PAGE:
Those arguments appear neutral on issues of race, but they have racial implications in metro Atlanta, said Michan Connor, a scholar at George Washington University who has studied cityhood efforts in the region.

Cobb County and other nearby suburban areas owe their massive population growth in part to an exodus of white residents from the city of Atlanta during the 1960s and ’70s over concerns about the civil rights movement and desegregation, Princeton University historian Kevin Kruse writes in his book “White Flight.” The newcomers opposed low-income housing and transit initiatives such as MARTA that they feared would connect them to Atlanta and its minority populations, Kruse says.

Since 2005, voters have approved more than a half-dozen new cities in the region, many of them in those majority-white suburbs. Maintaining the suburban character of those areas means continuing housing and transportation policies that have traditionally excluded Black people and other minorities, Connor said.

“They can say, ‘We’re homeowners, taxpayers. We want to preserve the kind of community we live in,'” he said. “But the history of racism in Atlanta is a material factor in all of those identities.”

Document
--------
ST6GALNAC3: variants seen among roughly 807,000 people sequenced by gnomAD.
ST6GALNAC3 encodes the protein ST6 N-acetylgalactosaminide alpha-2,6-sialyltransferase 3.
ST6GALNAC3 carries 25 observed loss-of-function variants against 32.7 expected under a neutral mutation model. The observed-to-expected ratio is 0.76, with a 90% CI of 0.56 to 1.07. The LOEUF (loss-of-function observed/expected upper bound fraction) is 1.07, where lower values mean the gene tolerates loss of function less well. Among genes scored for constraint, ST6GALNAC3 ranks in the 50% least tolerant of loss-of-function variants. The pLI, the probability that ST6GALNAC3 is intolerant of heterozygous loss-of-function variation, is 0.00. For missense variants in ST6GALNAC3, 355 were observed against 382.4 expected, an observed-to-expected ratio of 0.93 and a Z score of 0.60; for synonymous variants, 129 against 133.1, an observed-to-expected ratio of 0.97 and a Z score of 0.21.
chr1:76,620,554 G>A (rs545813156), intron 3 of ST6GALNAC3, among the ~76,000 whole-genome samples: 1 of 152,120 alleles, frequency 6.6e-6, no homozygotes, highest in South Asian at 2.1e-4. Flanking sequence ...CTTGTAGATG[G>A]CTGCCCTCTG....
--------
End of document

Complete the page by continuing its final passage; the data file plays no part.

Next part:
Cobb County has become more diverse in recent decades, with non-Hispanic white residents making up just over 51% of the population today, compared with more than 85% in 1990. But in the area that would become East Cobb, white residents would represent more than 70% of the population, according to county estimates. Vinings and Lost Mountain would also have a significantly higher percentage of white residents than the county as a whole. Those two cities’ median incomes would exceed $110,000, compared with $78,000 for the county.

State Rep. Ed Setzler, a Republican sponsor of the East Cobb and Lost Mountain cityhood referendums, pushed back on demographic concerns, saying at a legislative hearing in January that he would also support a referendum on cityhood for Mableton, another area of Cobb County that is mostly Black and Hispanic.

A bill for Mableton is pending at the state Capitol but has yet to be voted on by the full House or Senate. The Vinings and Lost Mountain proposals have also been signed by the governor and are set for May referendums.

County officials say their $1 billion budget would take a $41 million hit if all four cities formed.

“We would all agree that we believe in the people having a choice,” Richardson said. “In my conversations one-on-one, there is a deep concern about how much information is available for residents to be able to come to a decision.”

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Georgia cityhood push divides: White flight or self-rule?